Another conservative estimate is the average electricity bill for a suburban home bill totaling $183 per month or about $45 a week. Even if the cryptojacking attack only completes one transaction per week, that is an additional $2,196 on your enterprise’s yearly electricity bill. Furthermore, as Bitcoin scales up in value, it will require more electricity to mine, and therefore more attacks will follow.

That yearly bill doesn’t cover the physical damage that cryptojacking can wreck on your enterprises. There have been reports of illicit cryptojacking attacks overheating electrical substructures and destroying wires and transformers. The cost of hiring an electrician can run as high as $85 an hour, not to mention the several thousand dollars of hardware needed to replace any damaged electrical components. For the purposes of this exercise, let’s say you need a workweek of repairs and new electrical panel. Conservatively, this bill comes to $6,400.

So far, a cryptojacking attack can cost your business $8,596 conservatively. That isn’t even getting into costs that are harder to quantify.

Cryptojacking and Network Damage

In the paragraphs above, we said that cryptojacking attacks don’t typically attempt to disable enterprise network functions. However, that doesn’t mean they have no effect on your digital functionality: any program or code requiring that much physical power will undoubtedly drain your enterprise’s processing power as well. Internet and business processes slowdowns and even outright shutdowns aren’t uncommon as the result of cryptojacking attacks.

The costs of these network symptoms can depend on the size of your enterprise’s IT environment, the extent of the cryptojacking attack, the dwell time, and the time your network is slowed or stopped. Thus it can be hard to calculate accurately. However, these costs can include:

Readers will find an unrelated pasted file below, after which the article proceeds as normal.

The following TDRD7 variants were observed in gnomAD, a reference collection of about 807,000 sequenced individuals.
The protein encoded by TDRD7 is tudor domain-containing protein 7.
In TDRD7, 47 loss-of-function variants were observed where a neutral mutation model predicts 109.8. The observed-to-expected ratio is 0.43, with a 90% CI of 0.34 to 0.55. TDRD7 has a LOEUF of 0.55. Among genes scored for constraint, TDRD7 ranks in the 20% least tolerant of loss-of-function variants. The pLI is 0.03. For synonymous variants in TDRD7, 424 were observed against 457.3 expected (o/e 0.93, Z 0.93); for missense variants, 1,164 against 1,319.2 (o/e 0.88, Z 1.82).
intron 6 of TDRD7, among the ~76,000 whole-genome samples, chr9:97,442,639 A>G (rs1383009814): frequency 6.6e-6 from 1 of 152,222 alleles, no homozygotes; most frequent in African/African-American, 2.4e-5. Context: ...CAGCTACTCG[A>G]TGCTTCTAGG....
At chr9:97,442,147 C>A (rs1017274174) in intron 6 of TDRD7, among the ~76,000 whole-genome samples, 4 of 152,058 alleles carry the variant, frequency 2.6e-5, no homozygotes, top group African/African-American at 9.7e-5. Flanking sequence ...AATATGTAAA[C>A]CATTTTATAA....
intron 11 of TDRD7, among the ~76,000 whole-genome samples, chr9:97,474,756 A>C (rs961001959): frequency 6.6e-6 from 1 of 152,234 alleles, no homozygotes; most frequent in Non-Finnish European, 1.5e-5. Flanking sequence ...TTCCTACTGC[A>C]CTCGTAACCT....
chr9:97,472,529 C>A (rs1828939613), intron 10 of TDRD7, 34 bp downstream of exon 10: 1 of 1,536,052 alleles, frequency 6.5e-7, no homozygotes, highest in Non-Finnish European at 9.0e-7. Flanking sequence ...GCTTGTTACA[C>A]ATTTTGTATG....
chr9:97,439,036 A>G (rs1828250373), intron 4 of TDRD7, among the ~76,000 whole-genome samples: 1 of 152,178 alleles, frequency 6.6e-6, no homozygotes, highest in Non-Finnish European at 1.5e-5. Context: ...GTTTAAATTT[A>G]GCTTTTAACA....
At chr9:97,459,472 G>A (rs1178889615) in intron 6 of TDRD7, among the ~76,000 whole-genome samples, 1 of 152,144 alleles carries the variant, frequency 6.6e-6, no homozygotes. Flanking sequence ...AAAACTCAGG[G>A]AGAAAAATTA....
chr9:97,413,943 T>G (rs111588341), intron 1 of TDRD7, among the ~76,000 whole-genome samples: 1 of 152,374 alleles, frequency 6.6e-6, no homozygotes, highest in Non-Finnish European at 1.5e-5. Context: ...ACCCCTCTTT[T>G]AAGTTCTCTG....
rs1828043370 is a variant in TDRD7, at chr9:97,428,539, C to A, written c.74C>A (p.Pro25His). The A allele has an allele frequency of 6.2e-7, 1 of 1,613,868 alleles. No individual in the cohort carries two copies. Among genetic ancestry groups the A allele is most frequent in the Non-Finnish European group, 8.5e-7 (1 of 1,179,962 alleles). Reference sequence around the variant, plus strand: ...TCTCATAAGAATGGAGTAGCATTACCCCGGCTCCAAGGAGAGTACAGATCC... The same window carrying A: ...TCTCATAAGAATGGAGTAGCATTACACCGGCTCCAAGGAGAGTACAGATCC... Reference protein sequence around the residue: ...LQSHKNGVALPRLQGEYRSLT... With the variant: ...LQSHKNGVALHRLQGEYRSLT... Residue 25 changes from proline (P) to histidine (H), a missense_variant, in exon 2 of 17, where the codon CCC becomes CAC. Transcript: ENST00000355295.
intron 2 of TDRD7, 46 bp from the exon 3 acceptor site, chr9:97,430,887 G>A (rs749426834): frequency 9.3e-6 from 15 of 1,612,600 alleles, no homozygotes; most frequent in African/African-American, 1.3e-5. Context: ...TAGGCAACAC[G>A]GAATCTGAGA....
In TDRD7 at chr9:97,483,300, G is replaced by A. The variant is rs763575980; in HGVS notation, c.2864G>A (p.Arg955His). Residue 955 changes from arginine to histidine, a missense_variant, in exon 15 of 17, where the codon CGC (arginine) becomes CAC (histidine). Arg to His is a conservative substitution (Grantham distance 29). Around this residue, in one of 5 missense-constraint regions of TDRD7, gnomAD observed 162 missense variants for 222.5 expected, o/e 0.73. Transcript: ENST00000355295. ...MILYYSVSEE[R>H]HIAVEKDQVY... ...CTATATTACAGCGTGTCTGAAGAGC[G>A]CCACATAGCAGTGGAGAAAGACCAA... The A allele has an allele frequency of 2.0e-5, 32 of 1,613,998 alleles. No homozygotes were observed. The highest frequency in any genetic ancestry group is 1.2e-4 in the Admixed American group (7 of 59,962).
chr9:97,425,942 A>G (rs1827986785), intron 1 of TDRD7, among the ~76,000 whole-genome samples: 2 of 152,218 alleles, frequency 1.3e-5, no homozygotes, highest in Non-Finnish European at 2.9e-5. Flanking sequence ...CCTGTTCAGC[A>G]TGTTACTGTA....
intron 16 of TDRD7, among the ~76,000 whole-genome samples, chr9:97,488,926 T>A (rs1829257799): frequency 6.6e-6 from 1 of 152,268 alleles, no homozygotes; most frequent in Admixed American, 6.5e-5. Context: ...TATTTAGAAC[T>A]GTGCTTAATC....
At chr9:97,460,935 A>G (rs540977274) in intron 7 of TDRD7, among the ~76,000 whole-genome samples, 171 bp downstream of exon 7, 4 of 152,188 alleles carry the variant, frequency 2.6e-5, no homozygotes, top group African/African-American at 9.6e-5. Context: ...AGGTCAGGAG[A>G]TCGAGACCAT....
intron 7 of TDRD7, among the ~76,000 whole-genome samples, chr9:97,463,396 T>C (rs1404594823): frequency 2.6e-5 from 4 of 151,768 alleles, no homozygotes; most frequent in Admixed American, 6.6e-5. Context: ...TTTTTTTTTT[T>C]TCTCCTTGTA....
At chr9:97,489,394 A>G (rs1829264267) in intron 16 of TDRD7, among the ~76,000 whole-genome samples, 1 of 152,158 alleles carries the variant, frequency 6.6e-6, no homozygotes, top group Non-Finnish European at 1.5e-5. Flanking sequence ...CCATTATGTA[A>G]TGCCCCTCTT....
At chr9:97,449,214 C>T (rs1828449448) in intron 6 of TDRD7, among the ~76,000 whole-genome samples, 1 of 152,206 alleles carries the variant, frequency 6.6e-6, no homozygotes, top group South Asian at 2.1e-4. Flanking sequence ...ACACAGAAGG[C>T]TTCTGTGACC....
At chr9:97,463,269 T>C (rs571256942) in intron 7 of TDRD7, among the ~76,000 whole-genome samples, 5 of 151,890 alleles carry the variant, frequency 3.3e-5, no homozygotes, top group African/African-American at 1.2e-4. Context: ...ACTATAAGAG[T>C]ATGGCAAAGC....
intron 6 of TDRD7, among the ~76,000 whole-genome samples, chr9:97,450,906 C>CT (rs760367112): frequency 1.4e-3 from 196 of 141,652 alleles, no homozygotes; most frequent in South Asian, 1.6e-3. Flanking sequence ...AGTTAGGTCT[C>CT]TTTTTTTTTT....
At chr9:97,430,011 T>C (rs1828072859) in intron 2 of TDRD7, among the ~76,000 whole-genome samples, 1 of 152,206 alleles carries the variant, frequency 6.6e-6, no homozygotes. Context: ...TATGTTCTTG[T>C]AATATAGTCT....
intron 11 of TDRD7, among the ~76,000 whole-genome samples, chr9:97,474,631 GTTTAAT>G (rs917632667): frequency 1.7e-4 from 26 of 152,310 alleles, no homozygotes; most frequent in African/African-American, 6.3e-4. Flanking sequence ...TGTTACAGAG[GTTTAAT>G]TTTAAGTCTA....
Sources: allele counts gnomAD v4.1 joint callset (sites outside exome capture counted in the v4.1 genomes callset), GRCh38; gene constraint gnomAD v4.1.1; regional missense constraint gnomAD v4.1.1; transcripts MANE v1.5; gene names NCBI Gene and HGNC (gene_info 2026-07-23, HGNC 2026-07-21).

• Outside IT security expertise needed to find and remove the threat.
  • Administrative costs in communications to investors, customers, and partners.
  • Time and overtime of your IT team investigating the issue.
  • Lost revenue due to your digital services being down.
  • Long term reputational damage costing your business repeat customers.
  • Any preventative endpoint security measures you enact to stop a repeat attack.

If the prospect of these cryptojacking costs concerns you (as it should) then it is time to start investigating endpoint security solutions for your enterprise. An ounce of prevention can save you a staggering amount of time, money, and stress. Now’s the time to get ahead of it.

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Ben Canner

Editor, Cybersecurity at Solutions Review
Ben Canner is an enterprise technology writer and analyst covering Identity Management, SIEM, Endpoint Protection, and Cybersecurity writ large. He holds a Bachelor of Arts Degree in English from Clark University in Worcester, MA. He previously worked as a corporate blogger and ghost writer. You can reach him via Twitter and LinkedIn.
Ben Canner